The new development has caused a decline in the fox population, hence the rabbits. The cat population is at an all time low also. no predators means explosive growth of rabbits. I heard Noah had a problem telling them "ONLY TWO". LOL
Noah didn't know about the 'buns in the oven' of the Mrs' Bunny
wow coleup i've never seen that oak moth too bad its pretty and very bad.
Hwy! Doesn't anyone else have to deal with "ravenous Critters"?
Here's the latest from my neck of the woods....
My neighbor, Olga, is in Spain for 3 months. She won,t be back until September.
In the meantime--I am tending her sparsely planted beds, most of which I take
care of anyway....
Before she left for Spain, she planted a pile of Gladiolus in two different beds.
One is semi-elevated as it starts level and then climbs higher--as it is on an incline.
The other is in a definitely raised bed. No critters seem to bother this one.
The Glads are all in bloom now (she will never see these in bloom), and some critter,
is simply chewing the stems in half so that all the bloom stems are broken and down on the ground.
They are NOT eaten--just chewed off. Some of the leaf tips on the plant are chewed
and ragged looking--and maybe eaten.
I don't think it is the adolescent rabbit that we all have seen. It would never reach the middle
of a Gladiolus's stem to chew it in half. Me thinks it must be a Groundhog?????
I have not seen one yet--but they do exist--perhaps in my neighbors' gardens?
WHO else would do this?????
Thanks for any and all your thoughts. Gita
Here's the scenario.....and the way the bed is situated...level to the right--a bit raise to the left.
Something poked between my okra, didn't touch them, but ate all the leaves off a Butter daisy (Melampodium). The daisy was a volunteer - it's better for the okra this way but I didn't have the heart to pull the daisy.
Gita, rabbits might eat while standing on rear legs :-). That's probably how they ate all the leaves on my oriental lilies all the way up to about 15" or more above the ground.
Could it be cutworms? I heard recently this is how to tell the difference between the work of rabbits and cutworms -- rabbits eat what they cut off, but cutworms do not. That being said, I know nothing about either gladiolus or cutworms.
The stems were severed more than a foot above ground--just below the stem where the
flower stalks form. None of the flowere were eaten--just the stem cchewed in half...
Cutworms are mostly known for cutting off the new root-stems, just below the surface, of just planted seedlings.
That is why it is recommended that an open-bottomed pot be put around, and pushed about 1" deep,
of newly planted plants.
Cutworms are gray and slimmer than JB grubs. G.
Happy, I once observed a rabbit cut down a row of plants and then disappear without eating anything. It was early in the morning at a quiet office park and there weren't other cars or people, so it wasn't scared away or anything. It just went chomp chomp down the line and then left!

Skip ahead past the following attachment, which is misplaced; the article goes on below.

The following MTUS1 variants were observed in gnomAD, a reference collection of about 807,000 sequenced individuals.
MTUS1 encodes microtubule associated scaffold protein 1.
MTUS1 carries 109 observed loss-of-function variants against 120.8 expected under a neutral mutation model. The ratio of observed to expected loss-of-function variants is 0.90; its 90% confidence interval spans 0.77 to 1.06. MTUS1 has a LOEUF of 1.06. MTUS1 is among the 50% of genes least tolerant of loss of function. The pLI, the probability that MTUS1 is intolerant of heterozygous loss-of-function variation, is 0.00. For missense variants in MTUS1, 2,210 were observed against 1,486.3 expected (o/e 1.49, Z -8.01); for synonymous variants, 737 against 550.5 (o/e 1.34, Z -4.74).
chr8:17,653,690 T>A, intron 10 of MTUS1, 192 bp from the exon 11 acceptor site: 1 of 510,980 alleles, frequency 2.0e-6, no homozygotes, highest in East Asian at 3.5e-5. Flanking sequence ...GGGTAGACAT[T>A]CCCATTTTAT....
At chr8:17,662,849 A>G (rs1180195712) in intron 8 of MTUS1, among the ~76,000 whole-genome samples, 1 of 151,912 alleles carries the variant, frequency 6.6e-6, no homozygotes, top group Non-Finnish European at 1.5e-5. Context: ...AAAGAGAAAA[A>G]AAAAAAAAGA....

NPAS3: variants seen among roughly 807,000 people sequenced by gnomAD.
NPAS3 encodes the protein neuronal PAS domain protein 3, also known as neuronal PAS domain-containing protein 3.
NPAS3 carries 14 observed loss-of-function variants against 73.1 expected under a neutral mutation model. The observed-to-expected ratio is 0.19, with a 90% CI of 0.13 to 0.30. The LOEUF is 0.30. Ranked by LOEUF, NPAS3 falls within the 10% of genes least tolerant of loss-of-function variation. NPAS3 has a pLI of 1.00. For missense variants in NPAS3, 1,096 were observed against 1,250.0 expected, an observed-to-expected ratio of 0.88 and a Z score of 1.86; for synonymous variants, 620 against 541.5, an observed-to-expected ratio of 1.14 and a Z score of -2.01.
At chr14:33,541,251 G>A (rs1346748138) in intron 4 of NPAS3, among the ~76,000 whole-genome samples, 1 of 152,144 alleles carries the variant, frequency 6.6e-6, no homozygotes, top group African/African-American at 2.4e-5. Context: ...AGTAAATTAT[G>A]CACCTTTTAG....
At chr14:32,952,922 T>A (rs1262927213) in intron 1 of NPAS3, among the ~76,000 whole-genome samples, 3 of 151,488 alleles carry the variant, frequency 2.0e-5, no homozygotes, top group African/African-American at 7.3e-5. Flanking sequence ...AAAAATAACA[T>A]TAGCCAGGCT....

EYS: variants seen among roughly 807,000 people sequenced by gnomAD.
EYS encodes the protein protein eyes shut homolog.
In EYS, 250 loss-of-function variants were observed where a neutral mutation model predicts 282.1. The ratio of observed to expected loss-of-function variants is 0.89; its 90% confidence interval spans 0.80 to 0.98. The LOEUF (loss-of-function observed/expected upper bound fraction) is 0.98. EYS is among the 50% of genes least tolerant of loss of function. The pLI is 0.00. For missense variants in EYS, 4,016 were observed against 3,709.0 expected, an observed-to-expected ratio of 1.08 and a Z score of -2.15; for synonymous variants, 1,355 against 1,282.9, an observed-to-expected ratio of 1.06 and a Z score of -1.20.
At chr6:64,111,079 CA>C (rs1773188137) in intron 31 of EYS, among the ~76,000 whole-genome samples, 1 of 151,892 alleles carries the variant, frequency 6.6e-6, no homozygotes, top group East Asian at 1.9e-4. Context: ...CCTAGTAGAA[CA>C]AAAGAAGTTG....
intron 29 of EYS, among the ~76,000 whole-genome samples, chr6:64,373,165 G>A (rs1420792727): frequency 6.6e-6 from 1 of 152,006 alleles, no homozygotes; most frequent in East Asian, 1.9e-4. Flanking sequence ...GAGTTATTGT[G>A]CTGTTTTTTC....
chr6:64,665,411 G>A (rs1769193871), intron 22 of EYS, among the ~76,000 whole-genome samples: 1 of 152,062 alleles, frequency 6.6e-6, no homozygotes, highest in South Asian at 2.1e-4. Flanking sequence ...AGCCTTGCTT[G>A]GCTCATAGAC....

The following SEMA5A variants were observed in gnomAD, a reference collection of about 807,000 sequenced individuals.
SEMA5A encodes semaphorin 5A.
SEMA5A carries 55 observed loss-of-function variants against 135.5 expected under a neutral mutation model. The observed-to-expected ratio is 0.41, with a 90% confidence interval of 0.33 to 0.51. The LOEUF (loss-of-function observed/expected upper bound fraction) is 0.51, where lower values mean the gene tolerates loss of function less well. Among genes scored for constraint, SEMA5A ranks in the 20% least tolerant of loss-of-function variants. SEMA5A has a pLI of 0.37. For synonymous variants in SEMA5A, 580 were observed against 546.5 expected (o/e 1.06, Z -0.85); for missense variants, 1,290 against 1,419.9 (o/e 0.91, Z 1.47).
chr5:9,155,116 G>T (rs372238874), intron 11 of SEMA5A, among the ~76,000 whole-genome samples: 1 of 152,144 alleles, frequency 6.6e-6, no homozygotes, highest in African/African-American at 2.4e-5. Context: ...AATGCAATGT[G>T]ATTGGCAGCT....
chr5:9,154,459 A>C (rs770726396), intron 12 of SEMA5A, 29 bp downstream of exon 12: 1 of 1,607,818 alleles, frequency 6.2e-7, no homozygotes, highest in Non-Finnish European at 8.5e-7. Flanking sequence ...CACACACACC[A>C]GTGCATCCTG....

I'm not actually Mid-Atlantic - only missed it by one state though. Still I hope you won't mind if I chime in on a few things.
1st, as to the main topic, that of critters that gobble up or otherwise destroy plants, as my neighbor so aptly said, "It's Wild Kingdom here." My yard is host to (1) a heard of deer who use my property as a route from forest (behind me) to pond (across the street) daily and treat my roses like a buffet on their way through; (2) a cottontail rabbit who seems to sample every bloom stalk with a single bite at the 1/2 way mark, just sufficient to sever the bloom and leave it wilting on the ground; and (3) squirrels who dig up small, newly planted items and then leave them lying beside the hole, root ball withering in the hot, summer air. Oh, and that's not to mention the myriad birds who gobble up strawberries, blueberries, grapes, etc, and the raccoons and opossums who devour everything single apple, crabapple, peach, fig, and grape the moment it ripens.
Over the past decade+, I've tried everything known to man in my efforts to win the critter wars. All were doomed to fail, and some even made for some very amusing situations along the way. I could write a very humorous book detailing the the hundreds if not thousands of $$ I've spent and man hours I've wasted in my all out determination to win the war and save a couple flowers and a peach or two. These days, I've pretty much made peace with the situation.
The only thing I ever found to be at all successful in chasing away critters is the Scarecrow motion activated sprinkler ($79 when I last checked). The Scarecrow really did keep the deer away from my rose 'buffet', and I suspect it would also work for bunnies, but even this device does have its downsides. 1st, to cover a large garden, you would probably need to connect several to reach every part of the yard. I had to turn mine off each morning and on again each evening to avoid soaking meter readers, delivery personnel, visitors, and even myself. I can tell you from experience that a sudden, unexpected jet of water to the side of the head can be more than a little distressing. Lastly, like a pearl necklace held together with string and a clasp, scarecrow sprinklers are attached via garden hoses and ordinary threaded attachments, all of which provide numerous weak points from which the system might spring a leak flooding the garden in your absence. (It actually happened to me, and I only had the one unit.)